Canada: John Ivison: After debate big on partisanship not leadership, voters are the real losers - - PressFrom - Canada
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Canada John Ivison: After debate big on partisanship not leadership, voters are the real losers

07:50  08 october  2019
07:50  08 october  2019 Source:   nationalpost.com

Jason Kenney headed to Ontario to campaign for Andrew Scheer in crucial Toronto-area ridings

  Jason Kenney headed to Ontario to campaign for Andrew Scheer in crucial Toronto-area ridings EDMONTON — Jason Kenney, who has long promised he would campaign on behalf of Andrew Scheer’s Conservatives against Justin Trudeau’s Liberals, will make good on that vow this weekend, with more than a dozen appearances in his old stomping grounds around Toronto. Kenney is planning to appear alongside various local Conservative candidates — details aren’t finalized — to buff up support in crucial ridings before he returns to Alberta for the upcoming session of the legislature. The path to a majority government, generally speaking, leads through the ridings around Toronto — aka the 905.

Share this story. John Ivison : Andrew Scheer’s ‘problematic’ leadership sparks concern among Conservatives. The concern is that this is not because a significant number of voters are defecting to Maxime Bernier’s new party. Rather, the worry is that the support is shifting to the Liberals, who are

At one leadership debate , he was greeted by a hooting throng of Conservatives over his support for a But this is the time to have the debate — it’s not the kind of policy a leader should introduce three weeks after John Ivison : Scheer's environmental plan unlikely to attract much needed young voters .

Elizabeth May, Justin Trudeau, Andrew Scheer, Maxime Bernier, Yves-François Blanchet, Jagmeet Singh standing next to a person in a suit and tie: Federal party leaders Green Party leader Elizabeth May, Liberal leader Justin Trudeau, Conservative leader Andrew Scheer, People's Party of Canada leader Maxime Bernier, Bloc Quebecois leader Yves-Francois Blanchet and NDP leader Jagmeet Singh before the Federal leaders debate in Gatineau, Quebec, Oct. 7, 2019.© Sean Kilpatrick/Pool/AFP via Getty Images Federal party leaders Green Party leader Elizabeth May, Liberal leader Justin Trudeau, Conservative leader Andrew Scheer, People's Party of Canada leader Maxime Bernier, Bloc Quebecois leader Yves-Francois Blanchet and NDP leader Jagmeet Singh before the Federal leaders debate in Gatineau, Quebec, Oct. 7, 2019.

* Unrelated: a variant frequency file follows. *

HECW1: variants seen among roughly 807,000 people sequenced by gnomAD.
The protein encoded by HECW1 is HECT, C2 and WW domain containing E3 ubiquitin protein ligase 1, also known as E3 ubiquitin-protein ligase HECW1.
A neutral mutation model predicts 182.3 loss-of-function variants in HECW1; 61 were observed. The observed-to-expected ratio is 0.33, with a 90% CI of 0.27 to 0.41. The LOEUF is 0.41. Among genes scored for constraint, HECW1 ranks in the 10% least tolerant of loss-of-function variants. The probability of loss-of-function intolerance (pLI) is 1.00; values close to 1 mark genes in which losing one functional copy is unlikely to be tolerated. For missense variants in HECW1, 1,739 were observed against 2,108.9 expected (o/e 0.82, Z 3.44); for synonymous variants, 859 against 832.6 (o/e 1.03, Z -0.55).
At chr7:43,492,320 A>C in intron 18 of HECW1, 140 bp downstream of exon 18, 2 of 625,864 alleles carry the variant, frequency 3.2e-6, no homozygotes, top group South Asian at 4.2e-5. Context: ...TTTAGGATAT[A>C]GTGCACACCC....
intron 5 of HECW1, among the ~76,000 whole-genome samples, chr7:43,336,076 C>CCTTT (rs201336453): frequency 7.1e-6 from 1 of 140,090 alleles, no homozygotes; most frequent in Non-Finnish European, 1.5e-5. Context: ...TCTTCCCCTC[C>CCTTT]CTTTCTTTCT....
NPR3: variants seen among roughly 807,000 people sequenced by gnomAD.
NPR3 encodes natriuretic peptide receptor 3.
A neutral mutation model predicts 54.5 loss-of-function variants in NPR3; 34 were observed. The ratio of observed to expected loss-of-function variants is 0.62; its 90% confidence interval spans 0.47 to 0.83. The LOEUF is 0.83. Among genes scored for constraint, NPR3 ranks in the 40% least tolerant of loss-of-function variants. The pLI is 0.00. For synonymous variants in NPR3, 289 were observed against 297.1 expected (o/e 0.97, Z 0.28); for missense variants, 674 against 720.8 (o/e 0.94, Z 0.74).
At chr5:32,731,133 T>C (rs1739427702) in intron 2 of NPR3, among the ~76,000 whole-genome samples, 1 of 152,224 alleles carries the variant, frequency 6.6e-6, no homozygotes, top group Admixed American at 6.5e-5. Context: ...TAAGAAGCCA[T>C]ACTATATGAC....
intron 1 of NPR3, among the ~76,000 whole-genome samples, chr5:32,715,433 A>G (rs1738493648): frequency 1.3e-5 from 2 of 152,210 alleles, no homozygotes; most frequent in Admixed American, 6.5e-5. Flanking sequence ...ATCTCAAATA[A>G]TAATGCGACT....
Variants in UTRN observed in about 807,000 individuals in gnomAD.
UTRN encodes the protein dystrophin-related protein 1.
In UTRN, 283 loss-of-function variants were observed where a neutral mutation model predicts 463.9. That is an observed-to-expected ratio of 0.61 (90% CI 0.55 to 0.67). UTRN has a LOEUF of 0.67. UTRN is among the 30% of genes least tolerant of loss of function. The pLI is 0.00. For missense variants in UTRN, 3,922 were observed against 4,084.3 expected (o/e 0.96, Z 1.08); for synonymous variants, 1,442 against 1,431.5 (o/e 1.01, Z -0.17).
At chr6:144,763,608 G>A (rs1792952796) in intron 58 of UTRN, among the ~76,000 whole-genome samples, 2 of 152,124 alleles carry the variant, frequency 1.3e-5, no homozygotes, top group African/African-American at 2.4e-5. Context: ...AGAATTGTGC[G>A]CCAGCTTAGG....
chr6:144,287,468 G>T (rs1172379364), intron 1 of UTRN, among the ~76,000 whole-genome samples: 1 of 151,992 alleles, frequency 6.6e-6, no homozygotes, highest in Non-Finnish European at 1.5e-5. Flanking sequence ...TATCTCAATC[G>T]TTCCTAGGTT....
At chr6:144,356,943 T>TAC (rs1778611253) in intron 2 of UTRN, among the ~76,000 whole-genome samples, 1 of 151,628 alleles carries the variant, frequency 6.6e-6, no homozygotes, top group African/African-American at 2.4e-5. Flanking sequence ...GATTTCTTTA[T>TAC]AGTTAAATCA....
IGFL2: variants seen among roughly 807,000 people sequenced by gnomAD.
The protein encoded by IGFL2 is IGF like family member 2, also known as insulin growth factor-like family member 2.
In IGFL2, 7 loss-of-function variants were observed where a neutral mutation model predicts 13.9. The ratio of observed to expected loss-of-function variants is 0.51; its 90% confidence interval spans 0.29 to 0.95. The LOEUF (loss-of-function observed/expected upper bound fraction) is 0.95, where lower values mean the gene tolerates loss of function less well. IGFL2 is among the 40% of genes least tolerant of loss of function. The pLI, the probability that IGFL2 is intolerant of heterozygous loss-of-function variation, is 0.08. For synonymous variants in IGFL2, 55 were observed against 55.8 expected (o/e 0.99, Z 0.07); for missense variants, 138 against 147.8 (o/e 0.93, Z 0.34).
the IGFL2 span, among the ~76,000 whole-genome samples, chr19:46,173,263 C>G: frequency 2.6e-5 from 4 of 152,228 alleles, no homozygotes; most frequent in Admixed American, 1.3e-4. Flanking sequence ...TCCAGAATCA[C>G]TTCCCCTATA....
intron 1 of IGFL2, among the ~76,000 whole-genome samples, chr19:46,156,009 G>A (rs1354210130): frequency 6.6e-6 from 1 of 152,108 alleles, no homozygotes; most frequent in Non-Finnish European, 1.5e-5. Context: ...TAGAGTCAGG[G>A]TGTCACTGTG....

Editor’s note: The opinions in this article are the author’s, as published by our content partner, and do not necessarily represent the views of MSN or Microsoft.

Here’s what strategists say the federal leaders need to do in the English debate

  Here’s what strategists say the federal leaders need to do in the English debate “There really is no such thing as a knockout punch anymore," says NDP strategist Anne McGrath.Liberal Leader Justin Trudeau, Conservative Leader Andrew Scheer, NDP Leader Jagmeet Singh and Bloc Quebecois Leader Yves-Francois Blanchet duked it out just four days ago in the TVA French-language debate. But on Monday, they'll be joined by Green Party Leader Elizabeth May as well as People's Party Leader Maxime Bernier, and the debate will be entirely in English.

Kevin O’Leary professes himself a “Conservative expansionist,” with a target of growing the party by 40 per cent under his leadership , mainly by appealing to 18-35 year old voters disillusioned by Justin Trudeau’s Liberals.

Socrates, as we know, wrote nothing. His life and ideas are known to us through direct accounts – writings either by contemporaries (Aristophanes) or disciples (Plato and Xenophon) — and through indirect accounts, the most important of which is the one written by Aristotle, who was born fifteen

It is a strange paradox that there is a decline in trust in federal political parties at the same time as there is a rise in partisanship.

Far from restoring confidence in the system, the English-language leaders debate reinforced that contradiction, offering a cacophony of sectarian thunder but very little illumination.

Few people who watched will feel that they witnessed a leader they can trust; someone who made them feel good; who could offer the country stability, consistency and a vision to make Canada the best place in the world to live, work and raise a family.

On the other hand, there was partisanship aplenty.

Differences were highlighted and prejudices reinforced. Choices were dramatized as if Canadians are deciding between a visionary leader, able to turn horses into unicorns, and the ringleader of the zombie army of the unthinking.